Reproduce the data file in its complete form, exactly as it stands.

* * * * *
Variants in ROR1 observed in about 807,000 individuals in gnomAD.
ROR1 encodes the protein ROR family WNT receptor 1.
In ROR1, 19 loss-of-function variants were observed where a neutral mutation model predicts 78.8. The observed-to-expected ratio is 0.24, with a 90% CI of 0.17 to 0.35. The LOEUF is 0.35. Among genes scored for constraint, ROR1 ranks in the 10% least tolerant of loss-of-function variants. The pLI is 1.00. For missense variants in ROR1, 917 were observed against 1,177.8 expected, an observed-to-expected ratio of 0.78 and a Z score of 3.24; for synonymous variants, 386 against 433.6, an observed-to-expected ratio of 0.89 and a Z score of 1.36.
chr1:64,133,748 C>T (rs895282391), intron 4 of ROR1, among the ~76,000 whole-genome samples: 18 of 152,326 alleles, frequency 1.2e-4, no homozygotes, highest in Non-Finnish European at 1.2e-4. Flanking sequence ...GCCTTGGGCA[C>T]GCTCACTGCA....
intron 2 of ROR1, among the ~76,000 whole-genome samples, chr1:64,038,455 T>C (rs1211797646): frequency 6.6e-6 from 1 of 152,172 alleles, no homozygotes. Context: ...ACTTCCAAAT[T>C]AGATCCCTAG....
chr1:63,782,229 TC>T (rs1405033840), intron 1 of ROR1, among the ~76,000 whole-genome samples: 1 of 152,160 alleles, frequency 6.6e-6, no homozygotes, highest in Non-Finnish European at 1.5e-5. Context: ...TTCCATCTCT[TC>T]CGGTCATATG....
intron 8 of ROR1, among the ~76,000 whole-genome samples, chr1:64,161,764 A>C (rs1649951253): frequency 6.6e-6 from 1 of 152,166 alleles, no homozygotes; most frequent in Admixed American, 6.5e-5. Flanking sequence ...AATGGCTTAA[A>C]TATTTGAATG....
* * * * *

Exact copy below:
Variants in ROR1 observed in about 807,000 individuals in gnomAD.
ROR1 encodes the protein ROR family WNT receptor 1.
In ROR1, 19 loss-of-function variants were observed where a neutral mutation model predicts 78.8. The observed-to-expected ratio is 0.24, with a 90% CI of 0.17 to 0.35. The LOEUF is 0.35. Among genes scored for constraint, ROR1 ranks in the 10% least tolerant of loss-of-function variants. The pLI is 1.00. For missense variants in ROR1, 917 were observed against 1,177.8 expected, an observed-to-expected ratio of 0.78 and a Z score of 3.24; for synonymous variants, 386 against 433.6, an observed-to-expected ratio of 0.89 and a Z score of 1.36.
chr1:64,133,748 C>T (rs895282391), intron 4 of ROR1, among the ~76,000 whole-genome samples: 18 of 152,326 alleles, frequency 1.2e-4, no homozygotes, highest in Non-Finnish European at 1.2e-4. Flanking sequence ...GCCTTGGGCA[C>T]GCTCACTGCA....
intron 2 of ROR1, among the ~76,000 whole-genome samples, chr1:64,038,455 T>C (rs1211797646): frequency 6.6e-6 from 1 of 152,172 alleles, no homozygotes. Context: ...ACTTCCAAAT[T>C]AGATCCCTAG....
chr1:63,782,229 TC>T (rs1405033840), intron 1 of ROR1, among the ~76,000 whole-genome samples: 1 of 152,160 alleles, frequency 6.6e-6, no homozygotes, highest in Non-Finnish European at 1.5e-5. Context: ...TTCCATCTCT[TC>T]CGGTCATATG....
intron 8 of ROR1, among the ~76,000 whole-genome samples, chr1:64,161,764 A>C (rs1649951253): frequency 6.6e-6 from 1 of 152,166 alleles, no homozygotes; most frequent in Admixed American, 6.5e-5. Flanking sequence ...AATGGCTTAA[A>C]TATTTGAATG....